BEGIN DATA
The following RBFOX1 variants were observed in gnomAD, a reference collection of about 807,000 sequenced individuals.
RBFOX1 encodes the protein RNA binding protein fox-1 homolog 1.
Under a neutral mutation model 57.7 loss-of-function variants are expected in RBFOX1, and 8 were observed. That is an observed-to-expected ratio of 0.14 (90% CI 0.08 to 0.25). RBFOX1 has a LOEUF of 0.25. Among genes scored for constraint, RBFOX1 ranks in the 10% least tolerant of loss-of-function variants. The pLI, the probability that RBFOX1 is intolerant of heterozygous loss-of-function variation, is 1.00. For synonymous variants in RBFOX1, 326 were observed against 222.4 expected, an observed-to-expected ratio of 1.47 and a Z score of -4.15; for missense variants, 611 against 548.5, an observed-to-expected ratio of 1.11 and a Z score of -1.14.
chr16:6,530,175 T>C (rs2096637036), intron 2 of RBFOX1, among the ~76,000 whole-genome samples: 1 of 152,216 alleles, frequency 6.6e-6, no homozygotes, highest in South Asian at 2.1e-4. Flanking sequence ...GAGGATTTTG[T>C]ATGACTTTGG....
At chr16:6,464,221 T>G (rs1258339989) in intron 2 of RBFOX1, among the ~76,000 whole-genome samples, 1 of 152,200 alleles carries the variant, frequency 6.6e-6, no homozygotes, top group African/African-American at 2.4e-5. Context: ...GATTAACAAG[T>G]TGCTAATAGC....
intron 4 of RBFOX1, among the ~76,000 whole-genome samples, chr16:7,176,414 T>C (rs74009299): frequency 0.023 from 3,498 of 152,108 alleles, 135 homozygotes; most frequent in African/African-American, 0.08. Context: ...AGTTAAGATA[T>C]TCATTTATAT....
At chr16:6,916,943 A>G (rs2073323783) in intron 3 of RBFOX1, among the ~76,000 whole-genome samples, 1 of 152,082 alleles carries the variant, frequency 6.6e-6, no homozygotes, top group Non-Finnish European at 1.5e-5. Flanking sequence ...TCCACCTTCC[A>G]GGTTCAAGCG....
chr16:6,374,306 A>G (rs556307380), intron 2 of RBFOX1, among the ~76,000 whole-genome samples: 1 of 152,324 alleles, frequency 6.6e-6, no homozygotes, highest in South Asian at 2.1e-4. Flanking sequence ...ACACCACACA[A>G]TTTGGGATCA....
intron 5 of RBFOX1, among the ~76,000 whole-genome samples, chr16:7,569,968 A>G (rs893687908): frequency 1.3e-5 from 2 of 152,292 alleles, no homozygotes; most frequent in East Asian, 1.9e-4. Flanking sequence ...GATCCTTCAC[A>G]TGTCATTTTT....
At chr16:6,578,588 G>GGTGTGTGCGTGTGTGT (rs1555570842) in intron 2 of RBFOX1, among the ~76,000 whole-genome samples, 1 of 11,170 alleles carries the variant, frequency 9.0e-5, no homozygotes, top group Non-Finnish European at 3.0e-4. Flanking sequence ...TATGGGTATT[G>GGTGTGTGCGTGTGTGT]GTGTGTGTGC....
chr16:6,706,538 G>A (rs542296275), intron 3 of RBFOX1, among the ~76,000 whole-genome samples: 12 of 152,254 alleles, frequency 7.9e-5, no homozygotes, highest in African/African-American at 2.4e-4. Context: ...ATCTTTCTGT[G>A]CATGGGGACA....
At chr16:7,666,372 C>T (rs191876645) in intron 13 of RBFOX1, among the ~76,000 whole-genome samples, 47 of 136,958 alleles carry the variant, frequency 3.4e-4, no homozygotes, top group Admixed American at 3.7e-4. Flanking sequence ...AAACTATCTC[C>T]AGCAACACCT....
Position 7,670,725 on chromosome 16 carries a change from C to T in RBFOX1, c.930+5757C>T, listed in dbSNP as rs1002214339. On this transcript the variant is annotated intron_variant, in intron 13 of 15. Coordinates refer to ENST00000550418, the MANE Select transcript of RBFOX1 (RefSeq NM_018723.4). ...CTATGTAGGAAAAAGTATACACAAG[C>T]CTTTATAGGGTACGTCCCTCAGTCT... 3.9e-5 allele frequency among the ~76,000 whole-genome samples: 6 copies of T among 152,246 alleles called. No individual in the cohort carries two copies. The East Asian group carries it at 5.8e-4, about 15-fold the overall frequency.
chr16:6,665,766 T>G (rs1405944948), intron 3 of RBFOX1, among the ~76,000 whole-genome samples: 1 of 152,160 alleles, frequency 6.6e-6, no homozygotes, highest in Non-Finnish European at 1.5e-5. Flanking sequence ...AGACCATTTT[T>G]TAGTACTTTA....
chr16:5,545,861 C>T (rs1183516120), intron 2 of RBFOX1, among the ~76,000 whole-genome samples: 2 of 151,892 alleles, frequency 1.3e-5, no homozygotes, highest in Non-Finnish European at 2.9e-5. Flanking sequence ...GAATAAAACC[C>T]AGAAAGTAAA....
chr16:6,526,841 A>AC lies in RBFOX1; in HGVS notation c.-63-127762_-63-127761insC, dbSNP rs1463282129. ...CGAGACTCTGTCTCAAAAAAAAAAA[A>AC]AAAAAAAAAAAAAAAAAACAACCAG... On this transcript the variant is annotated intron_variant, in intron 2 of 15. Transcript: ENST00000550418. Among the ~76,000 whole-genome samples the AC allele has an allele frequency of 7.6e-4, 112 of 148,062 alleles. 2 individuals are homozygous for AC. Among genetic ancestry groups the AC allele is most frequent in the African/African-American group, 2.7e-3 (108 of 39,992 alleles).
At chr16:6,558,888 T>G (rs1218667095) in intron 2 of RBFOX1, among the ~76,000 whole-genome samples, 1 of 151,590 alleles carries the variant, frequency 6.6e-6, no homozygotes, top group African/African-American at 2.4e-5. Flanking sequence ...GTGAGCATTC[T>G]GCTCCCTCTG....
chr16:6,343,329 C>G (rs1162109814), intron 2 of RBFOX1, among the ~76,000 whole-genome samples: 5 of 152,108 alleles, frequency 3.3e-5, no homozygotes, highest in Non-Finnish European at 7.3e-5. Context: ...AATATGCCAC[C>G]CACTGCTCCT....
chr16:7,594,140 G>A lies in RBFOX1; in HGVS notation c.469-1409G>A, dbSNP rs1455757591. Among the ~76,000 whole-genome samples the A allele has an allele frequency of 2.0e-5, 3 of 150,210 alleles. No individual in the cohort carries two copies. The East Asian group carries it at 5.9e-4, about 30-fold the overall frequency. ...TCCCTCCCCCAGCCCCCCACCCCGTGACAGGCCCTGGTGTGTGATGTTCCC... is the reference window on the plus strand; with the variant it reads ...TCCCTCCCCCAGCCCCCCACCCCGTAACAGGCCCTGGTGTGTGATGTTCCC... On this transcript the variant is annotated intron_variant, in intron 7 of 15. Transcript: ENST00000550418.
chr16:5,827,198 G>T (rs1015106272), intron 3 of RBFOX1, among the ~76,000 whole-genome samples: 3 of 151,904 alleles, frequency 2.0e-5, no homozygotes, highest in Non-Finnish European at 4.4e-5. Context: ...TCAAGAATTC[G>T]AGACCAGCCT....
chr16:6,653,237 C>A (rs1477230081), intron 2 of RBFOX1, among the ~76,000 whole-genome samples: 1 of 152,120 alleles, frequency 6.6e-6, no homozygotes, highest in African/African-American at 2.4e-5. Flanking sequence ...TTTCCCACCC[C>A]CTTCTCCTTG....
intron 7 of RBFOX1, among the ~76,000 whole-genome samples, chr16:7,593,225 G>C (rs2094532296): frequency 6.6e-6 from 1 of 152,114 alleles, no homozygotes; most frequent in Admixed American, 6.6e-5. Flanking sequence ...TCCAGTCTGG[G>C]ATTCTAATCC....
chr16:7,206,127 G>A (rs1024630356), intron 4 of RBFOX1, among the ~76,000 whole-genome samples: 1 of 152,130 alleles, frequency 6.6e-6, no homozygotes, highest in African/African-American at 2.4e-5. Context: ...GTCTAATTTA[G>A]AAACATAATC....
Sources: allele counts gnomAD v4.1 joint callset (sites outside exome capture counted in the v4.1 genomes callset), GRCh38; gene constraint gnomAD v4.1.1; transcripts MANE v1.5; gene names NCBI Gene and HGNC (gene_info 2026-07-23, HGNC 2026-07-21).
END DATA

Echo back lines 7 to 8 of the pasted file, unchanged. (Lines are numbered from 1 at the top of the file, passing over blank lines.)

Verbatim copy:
At chr16:6,916,943 A>G (rs2073323783) in intron 3 of RBFOX1, among the ~76,000 whole-genome samples, 1 of 152,082 alleles carries the variant, frequency 6.6e-6, no homozygotes, top group Non-Finnish European at 1.5e-5. Flanking sequence ...TCCACCTTCC[A>G]GGTTCAAGCG....
chr16:6,374,306 A>G (rs556307380), intron 2 of RBFOX1, among the ~76,000 whole-genome samples: 1 of 152,324 alleles, frequency 6.6e-6, no homozygotes, highest in South Asian at 2.1e-4. Flanking sequence ...ACACCACACA[A>G]TTTGGGATCA....